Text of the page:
I have lost income due to COVID-19 and can’t pay rent- what do I do?
Renters – including tenants, long-stay residents in residential parks, boarders and lodgers – experiencing difficulty paying rent due to financial hardship caused by COVID-19 should contact their landlord as soon as possible.
Renters and landlords are encouraged to be open about their situation and explore possibilities to get through this crisis together. Options for discussion include whether the tenancy or accommodation agreement can be varied to provide:
- deferring rent payments to a specified later date when the renter’s income improves;
- a decrease in rent for a specified period; or
- terminating the lease without penalty.
Any agreement to change rent arrangements should be put in writing.
Deferment of rent: Landlords may be willing to agree to suspend rent payments to a particular date or for a particular period. While a rent-free period removes the immediate pressure to pay rent, it means a renter will have to repay the amount owing once the suspension period ends. Make sure you set out in your rent repayment agreement details of how the renter will repay the rent owed to the landlord. Importantly, the landlord cannot ask the renter to pay interest on the rent owed.
Decrease in rent: Landlords may agree to decrease rent for a specific period of time. Again, record this in writing and if the rent increases during the COVID-19 emergency period it cannot be more than the original rate and only if the landlord and renter agree.
Terminate the lease: If no other options are available, a renter may consider terminating their lease. To terminate a periodic (open-ended) or a fixed-term lease, a renter is required to give the landlord not less than 21 days’ notice in writing before the date they intend to move out. Importantly, a renter may only terminate a fixed-term tenancy if they are experiencing financial hardship due to COVID-19.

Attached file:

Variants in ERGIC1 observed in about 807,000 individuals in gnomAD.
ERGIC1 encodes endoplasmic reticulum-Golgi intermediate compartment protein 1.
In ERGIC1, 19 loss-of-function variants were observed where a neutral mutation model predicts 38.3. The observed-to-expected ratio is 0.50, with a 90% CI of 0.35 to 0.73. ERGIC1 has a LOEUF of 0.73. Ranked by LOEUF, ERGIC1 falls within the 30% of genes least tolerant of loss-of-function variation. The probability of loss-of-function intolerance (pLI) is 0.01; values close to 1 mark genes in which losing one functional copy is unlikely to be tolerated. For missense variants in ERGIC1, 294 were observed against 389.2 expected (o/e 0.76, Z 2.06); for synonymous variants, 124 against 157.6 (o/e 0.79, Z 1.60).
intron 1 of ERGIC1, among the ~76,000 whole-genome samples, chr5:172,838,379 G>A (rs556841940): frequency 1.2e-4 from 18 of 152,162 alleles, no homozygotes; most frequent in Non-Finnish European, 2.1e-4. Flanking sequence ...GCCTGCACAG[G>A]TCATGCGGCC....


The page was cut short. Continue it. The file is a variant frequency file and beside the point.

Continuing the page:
It is recommended that renters consider giving the landlord proof of financial hardship such as a letter from the renter’s employer or former employer. Landlords may also request this information. Also see the information below under the heading “My landlord is asking for evidence of income loss – do I have to provided them with this information?”.
The notice period to terminate accommodation agreements (for boarders and lodgers) is 7 days.
If a renter terminates a fixed-term tenancy or accommodation agreement prior to its end date for reasons of financial hardship due to COVID-19, the landlord is not entitled to compensation because the agreement was terminated early.
See our fact sheets under ‘Ending a Tenancy’ on the Fact Sheets page of this website.
There is also more information from Consumer Protection on:
- ending a residential tenancy - Lessor ending a tenancy and Tenant ending a tenancy.
- ending a residential park tenancy – Ending an on-site tenancy
- details for Boarders and lodgers.
For information about income assistance for anyone impacted by COVID-19 coronavirus, visit the Department of Treasury.
State Government Rent Relief Grants
The State Government is making available $30 million for grants of up to $2,000 for Western Australian residential tenants who lost their jobs on or after 20 March 2020 and are facing financial hardship due to the COVID -19 pandemic.
To find out more about eligibility for this payment visit the Residential Rent Relief Grant Scheme page for details.
My landlord is asking for evidence of income loss - do I have to provide them with this information?
The moratorium on evictions is for renters who are unable to pay their rent because of financial distress due to COVID-19.
A landlord may ask for evidence of a significant decrease in wages or job loss. This might include emails, letters or other communication between an employee and employer during the COVID-19 crisis. While renters have no obligation to provide this information, not doing so may affect the ability to negotiate an outcome regarding rent with your landlord.
It is not reasonable for a landlord to ask a renter for evidence of savings or spending habits by demanding bank or superannuation statements.
A landlord should not provide a renter with any financial advice regarding superannuation. The Australian Securities and Investment Commission has advice on this and how to report misconduct by a landlord.
If you are suffering financial stress contact the Financial Counsellors Association of WA.
Do I have to pay back missed rent payments to my landlord?
A renter is responsible for any rent payable under a residential tenancy agreement unless the renter and the landlord agree otherwise. Landlords have been encouraged to consider whether they can support tenants, if they can afford to do so, by either reducing the rent for a period of time or waiving part of the rent arrears.
Landlords and renters will need to agree on how any rent arrears are going to be paid and when.